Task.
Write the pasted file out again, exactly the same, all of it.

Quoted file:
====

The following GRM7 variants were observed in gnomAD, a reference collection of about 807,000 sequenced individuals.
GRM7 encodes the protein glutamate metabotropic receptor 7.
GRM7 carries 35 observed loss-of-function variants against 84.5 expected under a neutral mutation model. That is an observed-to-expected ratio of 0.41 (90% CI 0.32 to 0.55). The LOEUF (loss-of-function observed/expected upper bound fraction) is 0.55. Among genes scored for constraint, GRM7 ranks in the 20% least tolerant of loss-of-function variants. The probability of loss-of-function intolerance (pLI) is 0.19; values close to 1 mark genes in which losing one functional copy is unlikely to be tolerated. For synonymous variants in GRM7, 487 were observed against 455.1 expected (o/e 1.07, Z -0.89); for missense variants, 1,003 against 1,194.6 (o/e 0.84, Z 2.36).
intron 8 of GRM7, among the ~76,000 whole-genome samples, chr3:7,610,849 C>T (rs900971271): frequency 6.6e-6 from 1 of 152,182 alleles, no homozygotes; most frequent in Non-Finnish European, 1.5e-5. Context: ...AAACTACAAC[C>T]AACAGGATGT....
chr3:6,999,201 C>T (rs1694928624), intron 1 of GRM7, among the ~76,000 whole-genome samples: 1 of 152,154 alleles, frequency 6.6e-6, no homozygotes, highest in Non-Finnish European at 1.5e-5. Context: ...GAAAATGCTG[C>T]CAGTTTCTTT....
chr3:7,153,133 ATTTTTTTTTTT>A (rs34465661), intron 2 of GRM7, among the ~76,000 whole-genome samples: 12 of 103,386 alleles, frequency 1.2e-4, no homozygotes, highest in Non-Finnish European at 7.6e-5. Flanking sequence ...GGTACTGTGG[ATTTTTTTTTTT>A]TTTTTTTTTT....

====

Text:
The following GRM7 variants were observed in gnomAD, a reference collection of about 807,000 sequenced individuals.
GRM7 encodes the protein glutamate metabotropic receptor 7.
GRM7 carries 35 observed loss-of-function variants against 84.5 expected under a neutral mutation model. That is an observed-to-expected ratio of 0.41 (90% CI 0.32 to 0.55). The LOEUF (loss-of-function observed/expected upper bound fraction) is 0.55. Among genes scored for constraint, GRM7 ranks in the 20% least tolerant of loss-of-function variants. The probability of loss-of-function intolerance (pLI) is 0.19; values close to 1 mark genes in which losing one functional copy is unlikely to be tolerated. For synonymous variants in GRM7, 487 were observed against 455.1 expected (o/e 1.07, Z -0.89); for missense variants, 1,003 against 1,194.6 (o/e 0.84, Z 2.36).
intron 8 of GRM7, among the ~76,000 whole-genome samples, chr3:7,610,849 C>T (rs900971271): frequency 6.6e-6 from 1 of 152,182 alleles, no homozygotes; most frequent in Non-Finnish European, 1.5e-5. Context: ...AAACTACAAC[C>T]AACAGGATGT....
chr3:6,999,201 C>T (rs1694928624), intron 1 of GRM7, among the ~76,000 whole-genome samples: 1 of 152,154 alleles, frequency 6.6e-6, no homozygotes, highest in Non-Finnish European at 1.5e-5. Context: ...GAAAATGCTG[C>T]CAGTTTCTTT....
chr3:7,153,133 ATTTTTTTTTTT>A (rs34465661), intron 2 of GRM7, among the ~76,000 whole-genome samples: 12 of 103,386 alleles, frequency 1.2e-4, no homozygotes, highest in Non-Finnish European at 7.6e-5. Flanking sequence ...GGTACTGTGG[ATTTTTTTTTTT>A]TTTTTTTTTT....